Now we used to go down to the river with a big safety pin pinned to our swim suits. Why? Because certain areas on the rocky islands were Full of Goddess stones, the ones with holes naturally eroded into them. I used to be good at finding the big stones and my friend would just sit down and literally go through the small stones around her and find a half dozen within reach. We hung these in various ways and even made necklaces. See, we Pagans in PA are easily entertained, LOL. We also found lots of very round stones and those shaped like lingums and yonis and other strange forms. We would also find “river jasper” mostly yellow in color but i did find one precious red jasper one that is smoothed like a worry stone. Jasper is a flint like rock and i am sure the AmerIndians made both smooth beads and sharp arrows out of them. My most precious find, in the first picture below, was a nice triangle shaped stone and in the center was some black coal dust so i got out my safety pin and popped that out and it is the most perfect Goddess Yoni stone i have Ever found. Why the coal dust? Well before railroads the big anthracite coal mines up north shipped their coal down in large barges which often spilled coal or just plain wrecked. In fact a hundred years later they would dredge the river just to get that coal.

River Goddess stone (1)

Goddess Yoni stone

Just had to stop and resize the rest down as WP is grinding and complaining and may crash on me here with too many big res pics.

millstone 2

River round stones and my Grandpa’s old millstone

River Stones (1)

Holey Stones

River Stones (2)

More Round Stones

River Stones (4)

I had to check in my Freud book to figure out what these represent ;)

River Stones (3)

“My Precious” – anatomically correct lingum or hermaphrodite stone, red jasper, oblong black stone with white snake, yellow jasper. the Devil’s head or Yoni stone, and stones with round indentations not totally through

Below are photos of the Juniata River near me which flows into the Susquehanna a couple miles down, and a photo from an Army helicopter flying over where they merge at Clark’s Island (looking for pot fields) where there was a big AmerIndian encampment as they were slowly pushed north and west, but that story is for another post. I will say Lots of artifacts have been found on the larger islands and i have seen people with cellar’s full of them. The natives would manufacture tools on the island and others in boats would stop by to shop and trade like a drive-thru. Many pieces found are ones they were flint knapping and broke the wrong way and just tossed in heaps.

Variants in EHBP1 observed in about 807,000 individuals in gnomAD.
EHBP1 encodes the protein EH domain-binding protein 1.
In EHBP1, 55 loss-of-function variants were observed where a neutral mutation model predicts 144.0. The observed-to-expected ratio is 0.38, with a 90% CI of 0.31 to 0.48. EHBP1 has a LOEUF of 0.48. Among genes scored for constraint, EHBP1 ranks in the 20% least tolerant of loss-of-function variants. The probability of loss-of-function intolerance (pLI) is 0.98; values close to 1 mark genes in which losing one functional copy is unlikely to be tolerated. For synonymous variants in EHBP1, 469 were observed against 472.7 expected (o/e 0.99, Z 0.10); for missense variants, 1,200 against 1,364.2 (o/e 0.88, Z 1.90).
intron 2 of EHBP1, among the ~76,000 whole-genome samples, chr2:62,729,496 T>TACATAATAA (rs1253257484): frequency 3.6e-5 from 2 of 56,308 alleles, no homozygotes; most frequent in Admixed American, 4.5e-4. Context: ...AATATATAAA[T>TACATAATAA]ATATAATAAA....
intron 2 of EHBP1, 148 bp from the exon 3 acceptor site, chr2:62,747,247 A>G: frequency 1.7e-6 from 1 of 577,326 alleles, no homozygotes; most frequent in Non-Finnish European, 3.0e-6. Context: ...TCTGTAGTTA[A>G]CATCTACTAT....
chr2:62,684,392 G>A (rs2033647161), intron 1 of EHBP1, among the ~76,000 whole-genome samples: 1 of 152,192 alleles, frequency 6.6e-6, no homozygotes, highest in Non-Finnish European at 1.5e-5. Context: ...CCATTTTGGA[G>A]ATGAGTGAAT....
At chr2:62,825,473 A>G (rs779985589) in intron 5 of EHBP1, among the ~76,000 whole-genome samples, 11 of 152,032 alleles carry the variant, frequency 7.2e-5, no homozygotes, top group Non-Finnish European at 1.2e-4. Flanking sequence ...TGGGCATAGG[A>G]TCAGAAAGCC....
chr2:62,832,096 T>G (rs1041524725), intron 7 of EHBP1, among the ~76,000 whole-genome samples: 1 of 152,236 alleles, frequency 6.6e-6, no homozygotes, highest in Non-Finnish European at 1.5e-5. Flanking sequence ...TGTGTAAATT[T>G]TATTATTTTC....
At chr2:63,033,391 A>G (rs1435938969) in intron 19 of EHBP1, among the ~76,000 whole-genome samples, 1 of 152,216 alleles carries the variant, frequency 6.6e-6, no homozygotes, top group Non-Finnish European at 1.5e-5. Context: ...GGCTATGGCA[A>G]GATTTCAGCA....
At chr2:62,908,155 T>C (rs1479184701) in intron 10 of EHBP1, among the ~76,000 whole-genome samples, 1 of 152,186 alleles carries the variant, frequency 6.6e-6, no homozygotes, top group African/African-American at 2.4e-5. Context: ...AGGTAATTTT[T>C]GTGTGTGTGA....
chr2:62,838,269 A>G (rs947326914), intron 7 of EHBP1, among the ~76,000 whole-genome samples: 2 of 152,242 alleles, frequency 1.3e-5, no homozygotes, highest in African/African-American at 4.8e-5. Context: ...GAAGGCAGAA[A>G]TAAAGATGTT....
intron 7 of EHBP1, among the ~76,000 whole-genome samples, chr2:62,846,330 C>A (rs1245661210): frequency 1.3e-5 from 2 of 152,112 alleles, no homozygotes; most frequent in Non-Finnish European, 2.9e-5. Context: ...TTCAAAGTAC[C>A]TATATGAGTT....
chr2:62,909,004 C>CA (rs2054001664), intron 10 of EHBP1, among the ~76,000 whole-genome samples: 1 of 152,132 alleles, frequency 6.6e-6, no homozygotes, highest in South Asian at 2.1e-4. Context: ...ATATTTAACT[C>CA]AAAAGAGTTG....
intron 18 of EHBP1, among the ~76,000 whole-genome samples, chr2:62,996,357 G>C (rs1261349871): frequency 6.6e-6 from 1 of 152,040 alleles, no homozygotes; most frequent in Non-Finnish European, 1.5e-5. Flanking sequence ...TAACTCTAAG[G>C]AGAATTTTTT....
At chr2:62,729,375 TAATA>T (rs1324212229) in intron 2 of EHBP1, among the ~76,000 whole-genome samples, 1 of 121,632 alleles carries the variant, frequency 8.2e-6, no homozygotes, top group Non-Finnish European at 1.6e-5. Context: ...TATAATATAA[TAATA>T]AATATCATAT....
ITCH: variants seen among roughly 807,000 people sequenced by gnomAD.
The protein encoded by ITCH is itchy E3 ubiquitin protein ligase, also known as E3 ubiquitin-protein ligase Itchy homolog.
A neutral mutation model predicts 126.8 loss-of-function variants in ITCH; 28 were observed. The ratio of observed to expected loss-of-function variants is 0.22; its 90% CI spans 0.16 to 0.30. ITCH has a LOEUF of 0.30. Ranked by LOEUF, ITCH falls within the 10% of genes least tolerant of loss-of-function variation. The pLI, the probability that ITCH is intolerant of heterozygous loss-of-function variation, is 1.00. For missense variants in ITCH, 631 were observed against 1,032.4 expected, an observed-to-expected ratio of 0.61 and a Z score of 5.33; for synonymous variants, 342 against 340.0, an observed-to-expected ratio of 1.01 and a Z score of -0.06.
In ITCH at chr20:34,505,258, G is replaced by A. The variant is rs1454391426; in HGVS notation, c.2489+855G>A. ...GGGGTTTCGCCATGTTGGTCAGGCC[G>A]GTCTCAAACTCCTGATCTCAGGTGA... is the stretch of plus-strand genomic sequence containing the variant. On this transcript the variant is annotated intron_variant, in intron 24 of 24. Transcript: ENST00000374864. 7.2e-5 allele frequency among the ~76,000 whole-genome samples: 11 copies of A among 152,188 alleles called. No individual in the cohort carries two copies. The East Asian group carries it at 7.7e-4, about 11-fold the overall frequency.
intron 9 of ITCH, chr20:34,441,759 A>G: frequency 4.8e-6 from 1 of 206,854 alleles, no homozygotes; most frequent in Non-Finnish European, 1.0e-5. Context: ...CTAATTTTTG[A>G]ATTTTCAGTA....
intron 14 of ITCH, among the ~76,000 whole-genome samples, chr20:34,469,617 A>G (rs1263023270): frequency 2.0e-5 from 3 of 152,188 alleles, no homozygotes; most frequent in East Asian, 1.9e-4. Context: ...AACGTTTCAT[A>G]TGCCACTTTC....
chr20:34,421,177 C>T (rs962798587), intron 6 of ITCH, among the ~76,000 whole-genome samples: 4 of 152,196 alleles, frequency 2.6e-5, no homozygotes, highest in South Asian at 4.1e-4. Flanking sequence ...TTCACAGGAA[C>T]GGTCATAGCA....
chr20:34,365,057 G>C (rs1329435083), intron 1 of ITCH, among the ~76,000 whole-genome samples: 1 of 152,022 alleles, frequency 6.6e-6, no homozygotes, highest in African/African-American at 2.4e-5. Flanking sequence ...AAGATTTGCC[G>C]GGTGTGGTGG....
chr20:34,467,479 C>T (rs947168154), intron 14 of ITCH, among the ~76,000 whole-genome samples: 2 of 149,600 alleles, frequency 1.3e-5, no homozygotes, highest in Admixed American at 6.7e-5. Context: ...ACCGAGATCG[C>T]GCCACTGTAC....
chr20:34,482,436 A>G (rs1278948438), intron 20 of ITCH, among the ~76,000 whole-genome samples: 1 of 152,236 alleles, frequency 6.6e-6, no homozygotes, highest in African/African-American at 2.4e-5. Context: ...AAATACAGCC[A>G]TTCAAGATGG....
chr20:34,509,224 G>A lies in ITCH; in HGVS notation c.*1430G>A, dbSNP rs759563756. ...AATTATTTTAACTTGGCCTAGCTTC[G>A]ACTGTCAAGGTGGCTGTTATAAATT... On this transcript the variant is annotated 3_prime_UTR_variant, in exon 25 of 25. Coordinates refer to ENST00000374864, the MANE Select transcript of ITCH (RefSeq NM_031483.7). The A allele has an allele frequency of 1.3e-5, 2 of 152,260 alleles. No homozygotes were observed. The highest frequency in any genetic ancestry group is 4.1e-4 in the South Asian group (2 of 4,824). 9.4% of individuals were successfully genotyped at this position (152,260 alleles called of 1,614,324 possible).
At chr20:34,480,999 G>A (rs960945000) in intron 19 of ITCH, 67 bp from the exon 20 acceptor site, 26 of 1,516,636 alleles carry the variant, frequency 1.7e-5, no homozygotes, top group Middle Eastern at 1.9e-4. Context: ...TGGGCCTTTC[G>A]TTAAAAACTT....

Juniata Susquehanna split taken by Kirby on guard duty

Where the Juniata and Susquehanna merge


View of the Juniata from the mountain top behind my house and man is that a climb but well worth it and i have even seen eagles up there as a couple routinely nests on the craggy edge at a bend in the river where the fishing is perfect for them to raise their young, usually two eaglets a year.


“Down by the River…..”

So there’s my long story about our beautiful mountains, rivers, biggest stone arch bridge in the world, and wonderful stones to be found all over. I love living here, except maybe today when the temp was minus 2*F with wind chills in the minus teens. I went out for 20 minutes to shovel maybe 2 inches of fluffy snow and was getting frostbite on my thick gloved hands by the end. Brutal. Enjoy the pics, some of which are from an old pre-digital camera and the rest from my high resolution cell phone camera, love those, up to 5MB pics. All the photos here I took (except the one from the helicopter) and are Copyright 2014 GLHoke.

6 thoughts on “Stoned on the River

  1. Wow, in your area everything is so much vaster, from the brook at the back of your house to the Susquehanna River. Thanks for sharing these wonderful pics :)

    • LOL. Well they certainly grow it in the mountains and on the islands and in the corn fields here, which how it sticks out like a green thumb in a brown field in September/October and why the cops use the National Guard helicopters to find it.

    • Thanks JJ. I am no expert but do love getting the right shot at the right time. Its all about the light angles and composition, and a little photo editing with a freeware program called